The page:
Course:CONS200/2023/Deforestation of Coastal Forests in Lebanon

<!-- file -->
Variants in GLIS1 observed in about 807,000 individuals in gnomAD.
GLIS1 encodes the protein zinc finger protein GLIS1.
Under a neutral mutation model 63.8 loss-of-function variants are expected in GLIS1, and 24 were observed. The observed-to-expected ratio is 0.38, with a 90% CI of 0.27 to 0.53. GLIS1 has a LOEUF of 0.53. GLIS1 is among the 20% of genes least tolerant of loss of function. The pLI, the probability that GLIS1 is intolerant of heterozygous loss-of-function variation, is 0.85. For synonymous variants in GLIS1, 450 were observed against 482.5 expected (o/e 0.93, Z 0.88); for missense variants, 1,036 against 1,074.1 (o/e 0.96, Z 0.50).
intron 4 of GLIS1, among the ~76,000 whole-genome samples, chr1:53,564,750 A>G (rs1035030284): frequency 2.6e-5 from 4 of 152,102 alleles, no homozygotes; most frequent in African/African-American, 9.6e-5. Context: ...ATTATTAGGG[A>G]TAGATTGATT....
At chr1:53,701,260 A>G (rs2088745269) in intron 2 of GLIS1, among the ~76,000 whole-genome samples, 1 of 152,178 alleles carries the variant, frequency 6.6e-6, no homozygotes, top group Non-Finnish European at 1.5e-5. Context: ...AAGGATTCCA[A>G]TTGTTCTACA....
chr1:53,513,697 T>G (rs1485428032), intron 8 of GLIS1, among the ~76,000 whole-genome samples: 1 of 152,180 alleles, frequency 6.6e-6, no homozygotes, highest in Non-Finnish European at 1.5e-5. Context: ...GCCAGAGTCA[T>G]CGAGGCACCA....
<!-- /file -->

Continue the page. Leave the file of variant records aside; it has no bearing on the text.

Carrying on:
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As the overpopulation, overexploitation, and instability is evident, chaotic urban expansion is both required and already leaving its claw-marks as this indirectly leads to the finite resources and available land becoming more vulnerable for urbanization and both the rural and urban areas becoming degraded.[1] Similar to the factors that lead Lebanon to deforest, urbanize, industrialize, and ultimately degrading the land in one definition or another, unfortunately this is a constant around the globe. Since the start of the 20th century, factors such as high food demand caused by growing populations, unreasonable development and utilization, and erratic urbanization and industrialization has worsened and increased land degradation. [2] On the global scale, almost 75 percent of the Earth's surface has already been degraded in one form or another.[3] The terminology and definition of degradation is both controversial and extremely challenging to conceptualize and quantify as it is often subjective and is based on the observers' relationship and values of the land.[4] Conceptually, the perception of the farmer and an ecologist or an engineer will be completely different when it comes to the value and degraded land as the farmer will consider the land degraded if the field isn't productive, where the engineer might deem otherwise.[5]Add your introduction here[1], covering general background information about the topic (e.g. location, duration).

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